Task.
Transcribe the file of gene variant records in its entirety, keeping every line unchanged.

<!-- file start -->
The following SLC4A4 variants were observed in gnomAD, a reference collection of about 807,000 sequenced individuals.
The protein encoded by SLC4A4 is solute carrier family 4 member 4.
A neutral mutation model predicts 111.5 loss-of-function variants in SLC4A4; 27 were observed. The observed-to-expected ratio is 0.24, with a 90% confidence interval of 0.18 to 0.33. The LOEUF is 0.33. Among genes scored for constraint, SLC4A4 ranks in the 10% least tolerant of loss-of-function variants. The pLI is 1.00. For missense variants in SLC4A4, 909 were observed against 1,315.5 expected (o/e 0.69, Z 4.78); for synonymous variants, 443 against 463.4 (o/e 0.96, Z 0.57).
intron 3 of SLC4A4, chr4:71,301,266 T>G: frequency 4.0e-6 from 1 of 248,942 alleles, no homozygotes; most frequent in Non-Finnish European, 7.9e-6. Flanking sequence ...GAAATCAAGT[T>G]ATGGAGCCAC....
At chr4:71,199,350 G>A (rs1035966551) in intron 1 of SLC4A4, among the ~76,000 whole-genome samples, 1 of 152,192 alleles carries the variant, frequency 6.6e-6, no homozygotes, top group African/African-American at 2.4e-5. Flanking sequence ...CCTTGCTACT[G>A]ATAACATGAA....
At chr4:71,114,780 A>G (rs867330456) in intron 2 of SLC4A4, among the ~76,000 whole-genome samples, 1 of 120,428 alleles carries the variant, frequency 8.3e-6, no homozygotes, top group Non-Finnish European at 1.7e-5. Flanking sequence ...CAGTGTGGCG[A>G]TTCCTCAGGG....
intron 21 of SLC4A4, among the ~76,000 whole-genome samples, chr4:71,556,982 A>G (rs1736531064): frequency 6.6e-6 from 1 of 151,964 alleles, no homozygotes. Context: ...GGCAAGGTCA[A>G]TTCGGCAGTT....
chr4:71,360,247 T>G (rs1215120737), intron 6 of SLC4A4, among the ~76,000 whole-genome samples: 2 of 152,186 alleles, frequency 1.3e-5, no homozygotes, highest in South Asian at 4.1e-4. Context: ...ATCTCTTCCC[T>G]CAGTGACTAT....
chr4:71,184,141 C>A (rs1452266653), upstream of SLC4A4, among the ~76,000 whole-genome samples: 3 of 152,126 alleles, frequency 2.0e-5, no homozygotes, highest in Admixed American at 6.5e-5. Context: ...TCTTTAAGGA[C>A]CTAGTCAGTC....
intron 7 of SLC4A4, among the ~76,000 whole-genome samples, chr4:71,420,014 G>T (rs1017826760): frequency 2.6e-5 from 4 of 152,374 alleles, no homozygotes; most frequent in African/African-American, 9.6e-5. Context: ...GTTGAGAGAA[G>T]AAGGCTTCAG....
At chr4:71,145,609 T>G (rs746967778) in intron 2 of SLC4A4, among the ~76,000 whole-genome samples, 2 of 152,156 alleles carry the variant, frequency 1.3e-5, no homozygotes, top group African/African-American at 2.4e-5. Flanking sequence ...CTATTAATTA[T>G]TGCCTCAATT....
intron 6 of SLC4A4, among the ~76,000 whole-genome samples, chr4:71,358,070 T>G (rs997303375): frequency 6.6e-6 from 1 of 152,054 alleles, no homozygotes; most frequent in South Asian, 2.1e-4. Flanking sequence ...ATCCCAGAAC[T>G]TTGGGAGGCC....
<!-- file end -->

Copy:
The following SLC4A4 variants were observed in gnomAD, a reference collection of about 807,000 sequenced individuals.
The protein encoded by SLC4A4 is solute carrier family 4 member 4.
A neutral mutation model predicts 111.5 loss-of-function variants in SLC4A4; 27 were observed. The observed-to-expected ratio is 0.24, with a 90% confidence interval of 0.18 to 0.33. The LOEUF is 0.33. Among genes scored for constraint, SLC4A4 ranks in the 10% least tolerant of loss-of-function variants. The pLI is 1.00. For missense variants in SLC4A4, 909 were observed against 1,315.5 expected (o/e 0.69, Z 4.78); for synonymous variants, 443 against 463.4 (o/e 0.96, Z 0.57).
intron 3 of SLC4A4, chr4:71,301,266 T>G: frequency 4.0e-6 from 1 of 248,942 alleles, no homozygotes; most frequent in Non-Finnish European, 7.9e-6. Flanking sequence ...GAAATCAAGT[T>G]ATGGAGCCAC....
At chr4:71,199,350 G>A (rs1035966551) in intron 1 of SLC4A4, among the ~76,000 whole-genome samples, 1 of 152,192 alleles carries the variant, frequency 6.6e-6, no homozygotes, top group African/African-American at 2.4e-5. Flanking sequence ...CCTTGCTACT[G>A]ATAACATGAA....
At chr4:71,114,780 A>G (rs867330456) in intron 2 of SLC4A4, among the ~76,000 whole-genome samples, 1 of 120,428 alleles carries the variant, frequency 8.3e-6, no homozygotes, top group Non-Finnish European at 1.7e-5. Flanking sequence ...CAGTGTGGCG[A>G]TTCCTCAGGG....
intron 21 of SLC4A4, among the ~76,000 whole-genome samples, chr4:71,556,982 A>G (rs1736531064): frequency 6.6e-6 from 1 of 151,964 alleles, no homozygotes. Context: ...GGCAAGGTCA[A>G]TTCGGCAGTT....
chr4:71,360,247 T>G (rs1215120737), intron 6 of SLC4A4, among the ~76,000 whole-genome samples: 2 of 152,186 alleles, frequency 1.3e-5, no homozygotes, highest in South Asian at 4.1e-4. Context: ...ATCTCTTCCC[T>G]CAGTGACTAT....
chr4:71,184,141 C>A (rs1452266653), upstream of SLC4A4, among the ~76,000 whole-genome samples: 3 of 152,126 alleles, frequency 2.0e-5, no homozygotes, highest in Admixed American at 6.5e-5. Context: ...TCTTTAAGGA[C>A]CTAGTCAGTC....
intron 7 of SLC4A4, among the ~76,000 whole-genome samples, chr4:71,420,014 G>T (rs1017826760): frequency 2.6e-5 from 4 of 152,374 alleles, no homozygotes; most frequent in African/African-American, 9.6e-5. Context: ...GTTGAGAGAA[G>T]AAGGCTTCAG....
At chr4:71,145,609 T>G (rs746967778) in intron 2 of SLC4A4, among the ~76,000 whole-genome samples, 2 of 152,156 alleles carry the variant, frequency 1.3e-5, no homozygotes, top group African/African-American at 2.4e-5. Flanking sequence ...CTATTAATTA[T>G]TGCCTCAATT....
intron 6 of SLC4A4, among the ~76,000 whole-genome samples, chr4:71,358,070 T>G (rs997303375): frequency 6.6e-6 from 1 of 152,054 alleles, no homozygotes; most frequent in South Asian, 2.1e-4. Flanking sequence ...ATCCCAGAAC[T>G]TTGGGAGGCC....